The stunning crime drama television series was actually filmed on location in Shetland and mainland Scotland, so there was never any danger of this crime series not looking utterly authentic. But Shetland goes beyond conventional attention to background detail. It turns the location into a crucial part of the programme. In fact, you could go so far as to say the craggy panorama of this isolated region is almost a character in its own right.
Shetland has been hailed as "Celtic Noir", a reference to the hugely successful Nordic Noir thrillers like The Killing and The Bridge. Actually, they don't have a lot in common in terms of plotting, with Shetland being made up of episodic cases rather than having an over-arching saga-like structure in the manner of The Killing. So why the comparisons? It's all down to the aesthetics, which in turn comes down to the setting.
Like those Nordic Noir shows, the very landscape in Shetland has emotional power. The steel-grey skies, pierced through by the white rays of the near-Arctic sun. The foreboding vistas of the countryside. The humans looking small and almost lost against the sprawling landscape. The cinematic scale of the show makes the Scottish setting look simultaneously gorgeous and ominous. Celtic Noir, in other words.
It's not just about the high impact visuals and atmosphere, though. The other reason why the setting is so important to this series is that it's so far flung. The community is literally isolated. This, after all, is a part of the world that's almost as far north as Greenland. And while it may seem rural and idyllic to tourists, in the context of a crime drama it all suddenly seems rather claustrophobic and threatening, with nowhere to run to once the trouble begins to brew.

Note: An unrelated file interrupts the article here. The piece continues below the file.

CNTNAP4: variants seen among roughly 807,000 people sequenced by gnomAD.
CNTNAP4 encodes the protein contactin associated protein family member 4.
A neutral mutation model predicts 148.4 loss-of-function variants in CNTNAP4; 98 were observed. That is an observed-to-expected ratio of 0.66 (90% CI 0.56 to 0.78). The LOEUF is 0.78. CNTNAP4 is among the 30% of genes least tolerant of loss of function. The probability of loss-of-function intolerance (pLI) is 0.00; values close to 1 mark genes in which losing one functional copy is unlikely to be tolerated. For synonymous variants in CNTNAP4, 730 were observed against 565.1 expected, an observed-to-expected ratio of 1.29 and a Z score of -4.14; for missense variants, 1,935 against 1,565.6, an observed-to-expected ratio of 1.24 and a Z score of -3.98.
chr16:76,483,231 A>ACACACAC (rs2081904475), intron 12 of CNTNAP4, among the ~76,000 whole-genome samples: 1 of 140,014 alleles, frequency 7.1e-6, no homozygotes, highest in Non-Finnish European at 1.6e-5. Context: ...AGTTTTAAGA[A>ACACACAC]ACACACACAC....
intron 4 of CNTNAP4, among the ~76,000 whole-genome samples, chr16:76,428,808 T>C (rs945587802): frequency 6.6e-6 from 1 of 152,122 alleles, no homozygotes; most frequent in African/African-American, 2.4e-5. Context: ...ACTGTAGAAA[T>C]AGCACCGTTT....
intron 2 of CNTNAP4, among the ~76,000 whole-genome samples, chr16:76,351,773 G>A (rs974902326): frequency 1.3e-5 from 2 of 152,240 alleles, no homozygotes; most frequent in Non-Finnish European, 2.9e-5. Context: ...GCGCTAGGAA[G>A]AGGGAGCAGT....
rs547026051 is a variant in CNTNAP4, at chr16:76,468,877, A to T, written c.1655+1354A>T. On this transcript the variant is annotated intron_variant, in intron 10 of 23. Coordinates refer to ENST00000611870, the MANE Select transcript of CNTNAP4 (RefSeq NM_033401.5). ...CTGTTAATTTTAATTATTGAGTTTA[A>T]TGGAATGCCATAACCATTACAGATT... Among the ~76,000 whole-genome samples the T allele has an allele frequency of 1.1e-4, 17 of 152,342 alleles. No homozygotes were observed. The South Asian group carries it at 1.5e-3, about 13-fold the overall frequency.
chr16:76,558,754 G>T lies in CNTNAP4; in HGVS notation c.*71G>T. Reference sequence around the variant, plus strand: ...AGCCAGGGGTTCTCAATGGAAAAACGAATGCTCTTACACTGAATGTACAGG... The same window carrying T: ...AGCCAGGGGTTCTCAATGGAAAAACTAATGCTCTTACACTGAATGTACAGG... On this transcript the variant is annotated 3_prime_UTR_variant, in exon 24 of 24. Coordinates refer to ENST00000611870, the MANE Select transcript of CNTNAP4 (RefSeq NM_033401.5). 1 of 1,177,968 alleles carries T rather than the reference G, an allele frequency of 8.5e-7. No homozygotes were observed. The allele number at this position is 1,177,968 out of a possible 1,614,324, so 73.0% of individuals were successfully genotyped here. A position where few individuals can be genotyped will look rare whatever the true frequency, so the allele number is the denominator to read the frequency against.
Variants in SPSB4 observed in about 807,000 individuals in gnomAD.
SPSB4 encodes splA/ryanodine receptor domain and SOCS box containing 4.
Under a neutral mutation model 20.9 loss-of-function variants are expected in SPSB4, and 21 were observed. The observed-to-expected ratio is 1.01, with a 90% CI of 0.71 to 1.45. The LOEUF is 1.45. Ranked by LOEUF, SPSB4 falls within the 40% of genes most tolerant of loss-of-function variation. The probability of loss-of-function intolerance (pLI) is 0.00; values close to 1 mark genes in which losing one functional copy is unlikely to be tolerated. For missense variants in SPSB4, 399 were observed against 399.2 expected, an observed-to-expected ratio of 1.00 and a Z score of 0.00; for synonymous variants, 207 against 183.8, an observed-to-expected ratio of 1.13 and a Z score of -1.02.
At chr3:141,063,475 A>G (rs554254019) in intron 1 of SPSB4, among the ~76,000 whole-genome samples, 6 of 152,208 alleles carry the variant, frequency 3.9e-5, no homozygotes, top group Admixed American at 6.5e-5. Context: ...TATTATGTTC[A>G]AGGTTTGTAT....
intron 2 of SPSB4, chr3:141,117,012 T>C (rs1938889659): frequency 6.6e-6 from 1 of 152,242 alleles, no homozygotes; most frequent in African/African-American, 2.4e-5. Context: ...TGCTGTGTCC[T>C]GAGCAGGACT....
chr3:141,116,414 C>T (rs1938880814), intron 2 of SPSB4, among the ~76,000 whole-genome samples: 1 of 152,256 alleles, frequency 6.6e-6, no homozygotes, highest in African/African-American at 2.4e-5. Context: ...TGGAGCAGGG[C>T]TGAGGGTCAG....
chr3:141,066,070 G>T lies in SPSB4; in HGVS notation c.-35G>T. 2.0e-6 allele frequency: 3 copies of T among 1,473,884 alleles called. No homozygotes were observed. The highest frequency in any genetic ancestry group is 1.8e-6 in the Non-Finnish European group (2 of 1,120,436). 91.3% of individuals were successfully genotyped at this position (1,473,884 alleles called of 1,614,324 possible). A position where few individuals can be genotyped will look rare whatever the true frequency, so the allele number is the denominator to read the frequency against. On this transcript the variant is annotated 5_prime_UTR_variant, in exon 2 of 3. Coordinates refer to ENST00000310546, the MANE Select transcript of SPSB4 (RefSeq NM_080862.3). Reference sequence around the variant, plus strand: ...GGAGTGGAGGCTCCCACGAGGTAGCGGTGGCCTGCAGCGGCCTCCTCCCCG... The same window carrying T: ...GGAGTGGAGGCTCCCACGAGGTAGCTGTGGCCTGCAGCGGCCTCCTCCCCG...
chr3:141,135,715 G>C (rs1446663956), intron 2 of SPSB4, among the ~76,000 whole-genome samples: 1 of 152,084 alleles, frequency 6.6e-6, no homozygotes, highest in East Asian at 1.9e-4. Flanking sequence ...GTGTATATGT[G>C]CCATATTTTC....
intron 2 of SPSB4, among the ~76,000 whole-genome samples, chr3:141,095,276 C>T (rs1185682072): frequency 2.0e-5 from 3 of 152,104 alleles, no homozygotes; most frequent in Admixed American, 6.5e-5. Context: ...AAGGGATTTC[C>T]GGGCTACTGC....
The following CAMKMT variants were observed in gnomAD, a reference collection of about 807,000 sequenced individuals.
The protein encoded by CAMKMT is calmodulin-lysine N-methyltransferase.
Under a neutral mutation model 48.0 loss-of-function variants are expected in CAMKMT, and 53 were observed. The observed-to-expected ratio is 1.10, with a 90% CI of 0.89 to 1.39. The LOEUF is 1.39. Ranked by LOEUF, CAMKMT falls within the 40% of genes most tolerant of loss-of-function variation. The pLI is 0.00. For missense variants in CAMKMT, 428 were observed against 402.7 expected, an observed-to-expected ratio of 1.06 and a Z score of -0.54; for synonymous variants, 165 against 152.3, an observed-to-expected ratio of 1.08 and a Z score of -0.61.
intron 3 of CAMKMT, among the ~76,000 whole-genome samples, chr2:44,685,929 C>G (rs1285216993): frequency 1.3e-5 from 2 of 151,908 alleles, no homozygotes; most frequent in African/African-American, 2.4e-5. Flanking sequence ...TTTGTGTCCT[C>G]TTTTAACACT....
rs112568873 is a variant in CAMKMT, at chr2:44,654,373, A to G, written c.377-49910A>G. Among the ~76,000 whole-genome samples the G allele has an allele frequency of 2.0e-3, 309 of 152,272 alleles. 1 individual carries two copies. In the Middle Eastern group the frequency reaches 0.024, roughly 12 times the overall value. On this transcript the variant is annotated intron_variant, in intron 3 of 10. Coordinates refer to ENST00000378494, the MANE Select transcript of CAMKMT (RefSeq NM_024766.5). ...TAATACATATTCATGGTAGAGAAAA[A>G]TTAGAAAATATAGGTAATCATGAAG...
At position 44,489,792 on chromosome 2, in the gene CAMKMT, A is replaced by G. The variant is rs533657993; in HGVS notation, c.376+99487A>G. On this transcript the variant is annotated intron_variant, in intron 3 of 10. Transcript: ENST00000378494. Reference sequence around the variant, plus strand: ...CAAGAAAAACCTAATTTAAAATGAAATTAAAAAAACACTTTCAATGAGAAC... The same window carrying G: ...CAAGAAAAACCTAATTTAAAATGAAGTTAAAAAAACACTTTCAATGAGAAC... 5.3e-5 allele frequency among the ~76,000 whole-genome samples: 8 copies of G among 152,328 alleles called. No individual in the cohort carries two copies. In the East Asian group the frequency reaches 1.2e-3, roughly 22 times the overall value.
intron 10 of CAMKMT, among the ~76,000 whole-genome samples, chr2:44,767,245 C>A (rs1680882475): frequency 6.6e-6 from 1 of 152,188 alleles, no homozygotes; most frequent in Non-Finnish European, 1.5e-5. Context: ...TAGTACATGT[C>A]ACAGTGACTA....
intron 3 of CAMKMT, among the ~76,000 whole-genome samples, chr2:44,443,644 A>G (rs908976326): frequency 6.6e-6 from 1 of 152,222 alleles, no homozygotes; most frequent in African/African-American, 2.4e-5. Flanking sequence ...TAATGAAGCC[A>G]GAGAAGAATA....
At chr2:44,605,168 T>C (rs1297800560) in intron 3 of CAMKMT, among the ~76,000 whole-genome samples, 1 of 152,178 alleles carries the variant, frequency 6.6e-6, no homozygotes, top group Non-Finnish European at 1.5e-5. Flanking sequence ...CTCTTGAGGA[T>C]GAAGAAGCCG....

Another thing: Shetland's position on the globe means that, come the summertime, it's daylight for almost 19 hours every day. These "white nights" can create a hazy, surreal, dream-like atmosphere, especially if they play havoc with locals' sleep. The TV series makes clever use of this, with central characters Jimmy Perez and Tosh McIntosh both burdened by the near-endless sunlight and feeling the onslaught of insomnia. "It's never dark for long enough," Tosh says in one story. "You just wish someone would turn the lights off."
Aside from the sheer resonance of the landscape and climate, the culture and history of Shetland also play a big part in proceedings. One of the mysteries touches on the "Shetland bus", a secret naval operations unit which operated between Shetland and Nazi-occupied Norway during the darkest days of the Second World War. Other cases take in events like famed Up Helly Aa fire festival of Shetland, as well as corruption involving gas pipelines in the region. Not quite Midsomer, then.
It's worth mentioning that Ann Cleeves, who wrote the original novels on which the show is based, knows the area intimately, having lived there in the 1970s. In fact, the inspiration for her very first Jimmy Perez mystery came during a return visit, when she noticed the striking sight of black ravens pecking in the white snow, and imagined what it would look like if blood splatters and the remains of a corpse were embedded amid the birds.
The actors in the show take the setting very seriously too. Steven Robertson, who plays local copper Sandy Wilson, actually grew up in Shetland and was thrilled to return for this role. Meanwhile, veteran actor Brian Cox, who plays a key role in one of the stories, was so keen to get his performance right that he visited a local Shetland poet to study her rhythm of speech and base his character's vocal inflections on it.
With the location infusing every aspect of the series, you can really see why they called it Shetland, can't you?